Tragile (Traditional Agile): Confusing abbreviation for a hybrid framework combining both traditional and Agile approaches within the same project. To be honest Traditional Agile fits the definition of Tragic Agile so perhaps not quite so confusing after all.
TrAgile (Tragic Agile): where Agile practices are nominally in place without any understanding or improvement. These tragic situations mimic some of the practices but lack any of culture, mindset change or resultant benefits. For example, Daily Scrums that contain 32 people, last an hour and where everyone gives a status report according to a Microsoft project plan.
Ubiquitous Language: a common language developed between developers and users to express requirements in the specific domain. Used in domain driven design ubiquitous language should evolve as understanding between the different groups grows.
Under Promise, Over Deliver: ensure that you can deliver on forecasts by committing to a smaller workload than you believe you can complete and then finish early.
User Story: a short and simple description of a feature from the perspective of the end user. User stories often follow the Role-Feature-Reason format, are written using the INVEST criteria and follow the Three C’s convention.
Value Proposition Canvas (VPC): a Lean Startup tool used to design products and services that your customers actually want. The VPC shows the pains, gains and jobs for the customer segment plus the pain relievers, gain creators and products & services within the value proposition. The canvas is downloadable from the Strategyzer site.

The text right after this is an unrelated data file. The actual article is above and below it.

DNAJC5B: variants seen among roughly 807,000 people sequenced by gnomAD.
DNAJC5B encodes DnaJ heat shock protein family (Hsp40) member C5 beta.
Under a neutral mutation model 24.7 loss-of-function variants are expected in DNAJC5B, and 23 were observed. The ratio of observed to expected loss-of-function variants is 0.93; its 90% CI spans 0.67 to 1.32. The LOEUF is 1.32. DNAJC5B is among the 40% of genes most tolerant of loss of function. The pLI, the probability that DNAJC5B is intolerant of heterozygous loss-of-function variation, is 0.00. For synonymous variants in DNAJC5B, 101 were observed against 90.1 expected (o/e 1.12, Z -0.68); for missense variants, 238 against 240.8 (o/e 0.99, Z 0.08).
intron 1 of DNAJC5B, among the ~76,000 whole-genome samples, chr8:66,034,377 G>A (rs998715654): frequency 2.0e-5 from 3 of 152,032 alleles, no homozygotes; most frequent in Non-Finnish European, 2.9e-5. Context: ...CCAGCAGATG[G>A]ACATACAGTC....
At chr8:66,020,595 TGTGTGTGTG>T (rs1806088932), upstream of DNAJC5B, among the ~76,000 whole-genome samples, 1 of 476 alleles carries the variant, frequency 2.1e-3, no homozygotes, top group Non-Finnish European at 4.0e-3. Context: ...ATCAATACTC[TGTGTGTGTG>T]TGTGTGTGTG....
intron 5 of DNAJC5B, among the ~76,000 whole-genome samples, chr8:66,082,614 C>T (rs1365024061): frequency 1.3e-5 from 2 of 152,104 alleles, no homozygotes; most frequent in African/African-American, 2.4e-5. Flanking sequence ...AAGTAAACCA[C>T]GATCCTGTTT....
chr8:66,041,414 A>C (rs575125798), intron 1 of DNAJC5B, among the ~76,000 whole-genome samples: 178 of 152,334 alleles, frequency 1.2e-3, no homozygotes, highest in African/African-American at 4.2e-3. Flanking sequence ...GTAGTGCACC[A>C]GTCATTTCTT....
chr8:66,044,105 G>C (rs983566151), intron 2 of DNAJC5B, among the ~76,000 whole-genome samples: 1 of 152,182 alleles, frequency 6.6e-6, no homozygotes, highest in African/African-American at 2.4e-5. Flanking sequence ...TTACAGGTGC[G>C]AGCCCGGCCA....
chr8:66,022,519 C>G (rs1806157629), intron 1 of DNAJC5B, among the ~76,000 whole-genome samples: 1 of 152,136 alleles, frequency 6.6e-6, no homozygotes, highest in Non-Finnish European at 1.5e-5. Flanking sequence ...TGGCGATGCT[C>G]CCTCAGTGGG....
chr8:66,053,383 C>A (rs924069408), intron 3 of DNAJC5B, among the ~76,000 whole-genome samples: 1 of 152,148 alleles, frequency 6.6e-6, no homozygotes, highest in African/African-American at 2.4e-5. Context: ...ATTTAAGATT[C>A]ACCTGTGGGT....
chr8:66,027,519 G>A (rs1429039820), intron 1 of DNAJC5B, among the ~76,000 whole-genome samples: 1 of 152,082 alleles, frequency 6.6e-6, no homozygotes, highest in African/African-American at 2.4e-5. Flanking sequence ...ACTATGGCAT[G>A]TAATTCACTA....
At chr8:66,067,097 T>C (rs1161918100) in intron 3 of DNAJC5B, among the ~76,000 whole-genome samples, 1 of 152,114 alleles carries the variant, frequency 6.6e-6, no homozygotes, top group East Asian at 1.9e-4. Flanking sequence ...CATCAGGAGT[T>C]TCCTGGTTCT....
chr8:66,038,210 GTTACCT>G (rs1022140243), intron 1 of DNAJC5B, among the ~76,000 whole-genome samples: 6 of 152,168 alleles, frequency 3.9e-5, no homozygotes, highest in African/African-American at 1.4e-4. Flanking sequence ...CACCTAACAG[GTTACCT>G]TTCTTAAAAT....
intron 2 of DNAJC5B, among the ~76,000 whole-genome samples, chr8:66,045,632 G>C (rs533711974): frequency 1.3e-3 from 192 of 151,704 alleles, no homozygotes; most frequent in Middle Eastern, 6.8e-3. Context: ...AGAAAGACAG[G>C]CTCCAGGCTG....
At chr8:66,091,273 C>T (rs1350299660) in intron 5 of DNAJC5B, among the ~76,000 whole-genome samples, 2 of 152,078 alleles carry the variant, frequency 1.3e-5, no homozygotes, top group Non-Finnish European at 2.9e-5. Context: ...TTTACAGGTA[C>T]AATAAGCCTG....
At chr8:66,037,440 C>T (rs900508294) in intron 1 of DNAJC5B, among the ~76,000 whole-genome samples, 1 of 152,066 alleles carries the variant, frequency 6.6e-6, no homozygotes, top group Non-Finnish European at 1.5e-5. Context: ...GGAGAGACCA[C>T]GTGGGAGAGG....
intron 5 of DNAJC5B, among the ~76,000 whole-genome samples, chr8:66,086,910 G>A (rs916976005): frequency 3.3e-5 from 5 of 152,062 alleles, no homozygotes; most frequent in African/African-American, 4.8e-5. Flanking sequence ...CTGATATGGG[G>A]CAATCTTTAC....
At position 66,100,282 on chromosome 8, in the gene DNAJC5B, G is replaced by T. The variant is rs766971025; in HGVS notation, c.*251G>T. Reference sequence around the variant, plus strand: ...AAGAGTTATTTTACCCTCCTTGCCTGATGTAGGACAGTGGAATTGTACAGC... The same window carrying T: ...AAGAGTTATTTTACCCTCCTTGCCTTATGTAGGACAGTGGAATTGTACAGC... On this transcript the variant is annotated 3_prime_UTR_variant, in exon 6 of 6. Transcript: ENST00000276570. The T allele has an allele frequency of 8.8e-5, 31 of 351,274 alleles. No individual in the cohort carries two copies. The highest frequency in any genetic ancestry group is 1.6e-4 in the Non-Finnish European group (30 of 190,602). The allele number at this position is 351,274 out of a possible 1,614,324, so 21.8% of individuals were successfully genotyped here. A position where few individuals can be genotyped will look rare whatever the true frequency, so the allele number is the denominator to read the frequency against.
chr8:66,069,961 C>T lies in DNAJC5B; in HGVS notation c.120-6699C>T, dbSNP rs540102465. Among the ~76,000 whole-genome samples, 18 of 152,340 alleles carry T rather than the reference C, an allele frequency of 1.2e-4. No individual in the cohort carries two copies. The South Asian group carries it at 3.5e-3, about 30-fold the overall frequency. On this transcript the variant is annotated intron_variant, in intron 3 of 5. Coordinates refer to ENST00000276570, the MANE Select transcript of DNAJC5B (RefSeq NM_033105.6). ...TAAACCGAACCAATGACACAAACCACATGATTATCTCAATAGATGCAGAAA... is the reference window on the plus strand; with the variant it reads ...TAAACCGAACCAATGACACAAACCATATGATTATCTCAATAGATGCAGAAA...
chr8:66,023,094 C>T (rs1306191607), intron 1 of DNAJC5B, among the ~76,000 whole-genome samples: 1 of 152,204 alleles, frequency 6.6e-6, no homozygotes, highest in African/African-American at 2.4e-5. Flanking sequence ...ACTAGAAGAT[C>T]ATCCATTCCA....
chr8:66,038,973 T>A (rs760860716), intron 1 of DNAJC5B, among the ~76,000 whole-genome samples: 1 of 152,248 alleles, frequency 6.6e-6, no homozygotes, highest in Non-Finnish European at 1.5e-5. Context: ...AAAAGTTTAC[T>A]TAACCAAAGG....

Vanity Metric: any metrics gathered and shown that are not actionable and serve to make us feel better or show off. If a metric being collected is not valuable then stop collecting it.
Velocity: an indication of the capacity of an Agile team to complete work. At the end of each iteration the estimates of all delivered items is totalled to give the team’s velocity. Velocity can be taken from a single sprint or averaged across a number of sprints to improve accuracy. A team’s velocity can allow them to better plan sprints and releases.
Voice of the Customer (VOC): a market research technique to produce a detailed set of customer needs, organised into a hierarchical structure and prioritised in terms of relative importance and satisfaction with current alternatives. Also the Product Owner in Scrum who acts as the voice of the customer.
V2MOM: a management guideline acronym used to communicate vision and objectives –
- Vision – What do you want to do?
- Values – What’s most important about that vision?
- Methods – How do you get the job done?